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Thread: Air France Off the Hook on AF447

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  1. #1
    Senior Member Evan's Avatar
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    Default Air France Off the Hook on AF447

    The French magistrates have dropped charges against Air France and Airbus. It was just one of those existential things that happen in life when you place inadequately trained pilots in a commercial transport cockpit with no procedure for a known failure scenario. C'est la vie.

    https://www.bbc.com/news/world-europe-49598838

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    Senior Member 3WE's Avatar
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    Quote Originally Posted by Evan View Post
    The French magistrates have dropped charges against Air France and Airbus. It was just one of those existential things that happen in life when for no known reason a highly-trained pilot executes a how to stall procedure when continuing to fly fat dumb and happy was better. Something that a even a dumbass, poorly-read inactive private pilot like 3BS knows better. C'est la vie.
    Fixed.
    Les règles de l'aviation de base découragent de longues périodes de dur tirer vers le haut.

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    Senior Member Evan's Avatar
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    From that statement:

    The disaster highlighted an important public concern as to whether pilots are too dependent on technology and whether they retain the knowledge required to fly complex commercial aircraft. This concern continues to exist today.
    I believe the answer to this concern is:

    Complex commercial aircraft are dependent on technology and therefore pilots must be trained to retain the knowledge required to fly complex commercial aircraft.
    The concern I have is: how will we achieve this? Will it be voluntary or will it be required? If it is required, how will we enforce it? If a company violates the requirement, will the punishment fit the crime?

    One lesson we should all have learned by now is that, when the punishment falls short of the crime, industry does not change its ways.

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    Senior Member 3WE's Avatar
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    Quote Originally Posted by Evan View Post
    The concern I have is: how will [italics]we[/italics] achieve this?
    1. Fixed.

    2. I suggest that during a pilots first 40 to 60 hours of flight instruction, part the training covers that excessive pull ups can cause stalls and that a great fundamental rule is if things go bad (especially technological things) continue to fly the plane. Perhaps these items can be briefly reviewed when the pilot gets new ratings and recurrent trainings, and maybe an occasional competency check. From occasionally listening to ATL, it's possible that this is already done in some places and some airlines have no incidents of inexplicable, relentless pull ups.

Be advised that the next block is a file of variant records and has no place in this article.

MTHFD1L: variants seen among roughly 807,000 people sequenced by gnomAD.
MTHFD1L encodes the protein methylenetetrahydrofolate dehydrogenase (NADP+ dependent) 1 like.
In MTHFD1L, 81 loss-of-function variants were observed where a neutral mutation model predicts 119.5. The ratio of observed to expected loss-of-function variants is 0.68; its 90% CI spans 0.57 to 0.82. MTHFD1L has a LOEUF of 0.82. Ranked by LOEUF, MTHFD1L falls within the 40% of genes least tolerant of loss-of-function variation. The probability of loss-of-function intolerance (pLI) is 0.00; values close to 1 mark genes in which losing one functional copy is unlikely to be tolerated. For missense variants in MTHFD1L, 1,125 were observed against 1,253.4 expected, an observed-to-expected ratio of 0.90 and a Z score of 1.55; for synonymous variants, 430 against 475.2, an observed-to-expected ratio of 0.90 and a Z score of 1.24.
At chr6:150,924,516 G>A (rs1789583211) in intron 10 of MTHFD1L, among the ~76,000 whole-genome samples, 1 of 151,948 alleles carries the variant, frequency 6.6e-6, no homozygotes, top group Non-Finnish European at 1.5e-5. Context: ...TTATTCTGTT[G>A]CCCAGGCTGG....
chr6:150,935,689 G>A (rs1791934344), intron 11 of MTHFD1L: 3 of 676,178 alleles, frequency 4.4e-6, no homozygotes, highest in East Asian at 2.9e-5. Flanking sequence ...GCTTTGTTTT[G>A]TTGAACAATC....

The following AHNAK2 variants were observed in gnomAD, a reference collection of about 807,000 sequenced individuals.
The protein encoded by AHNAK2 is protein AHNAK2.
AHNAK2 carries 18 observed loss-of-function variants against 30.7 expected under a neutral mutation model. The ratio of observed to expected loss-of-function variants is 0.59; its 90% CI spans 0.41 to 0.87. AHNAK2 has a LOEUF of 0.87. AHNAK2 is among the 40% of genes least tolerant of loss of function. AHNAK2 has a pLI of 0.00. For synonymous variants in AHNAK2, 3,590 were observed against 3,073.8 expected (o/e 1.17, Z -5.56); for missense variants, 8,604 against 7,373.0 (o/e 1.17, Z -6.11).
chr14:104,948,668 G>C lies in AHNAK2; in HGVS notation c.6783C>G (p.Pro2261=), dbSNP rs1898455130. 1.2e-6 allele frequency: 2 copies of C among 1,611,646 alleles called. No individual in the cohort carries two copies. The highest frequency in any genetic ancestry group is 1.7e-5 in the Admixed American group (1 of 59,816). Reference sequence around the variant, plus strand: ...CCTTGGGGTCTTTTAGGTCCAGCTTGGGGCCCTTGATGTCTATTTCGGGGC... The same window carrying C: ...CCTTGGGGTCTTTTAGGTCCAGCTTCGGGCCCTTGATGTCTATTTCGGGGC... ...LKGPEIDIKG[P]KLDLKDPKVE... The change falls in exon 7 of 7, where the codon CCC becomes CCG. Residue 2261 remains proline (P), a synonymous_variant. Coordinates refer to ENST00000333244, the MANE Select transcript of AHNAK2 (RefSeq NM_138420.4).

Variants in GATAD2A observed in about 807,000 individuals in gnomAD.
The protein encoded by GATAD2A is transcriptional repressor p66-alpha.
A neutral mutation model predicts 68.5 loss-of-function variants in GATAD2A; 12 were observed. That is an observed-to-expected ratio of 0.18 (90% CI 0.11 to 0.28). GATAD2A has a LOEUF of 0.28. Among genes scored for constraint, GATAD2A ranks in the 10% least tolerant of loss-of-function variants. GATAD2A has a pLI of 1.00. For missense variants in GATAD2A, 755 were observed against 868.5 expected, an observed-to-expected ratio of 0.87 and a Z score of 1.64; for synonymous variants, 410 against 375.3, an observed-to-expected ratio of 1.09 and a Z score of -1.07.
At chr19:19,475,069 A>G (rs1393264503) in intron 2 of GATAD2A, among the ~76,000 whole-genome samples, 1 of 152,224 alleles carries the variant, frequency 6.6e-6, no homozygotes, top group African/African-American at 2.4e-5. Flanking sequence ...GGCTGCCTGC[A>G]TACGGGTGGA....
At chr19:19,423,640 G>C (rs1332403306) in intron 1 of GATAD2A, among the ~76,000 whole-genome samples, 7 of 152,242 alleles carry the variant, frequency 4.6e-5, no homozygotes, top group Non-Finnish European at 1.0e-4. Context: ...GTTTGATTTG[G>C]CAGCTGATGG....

Les règles de l'aviation de base découragent de longues périodes de dur tirer vers le haut.

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    That makes a lot of sense. But... I'm gonna say it's 99.99% likely that during their first 40 to 60 hours of flight instruction, the pilots *were* trained that excessive pull ups can cause stalls. And I bet if you could communicate with the dead and ask them, they'd insist they *were* flying the plane.

    The problem is what constitutes "flying the plane". It seems likely here that what happened is they realized that some of the information presented by their instruments was inaccurate, and for whatever reason jumped to the conclusion it was *all* inaccurate. They then proceeded to fly the plane as one would with no instruments, relying on visual cues and their own senses. The problem being of course that the few visual cues they may have had were misleading, and their senses were providing information that was even less accurate than (some of) the instruments.

    I think there are a lot of people here (myself included) that think that "fly the plane" should have meant P+P=P, but these guys apparently felt differently. So IMHO the area of question is not "flying the plane" but the decision-making process (and the stress that may have affected same) that resulted in them using a faulty technique to fly the plane.
    Be alert! America needs more lerts.

    Eric Law

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    Senior Member Evan's Avatar
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    Quote Originally Posted by 3WE View Post
    From occasionally listening to ATL, it's possible that this is already done in some places and some airlines have no incidents of inexplicable, relentless pull ups.
    So what are you saying? This is not done in France? This is not done at the nation's flag carrier airline?

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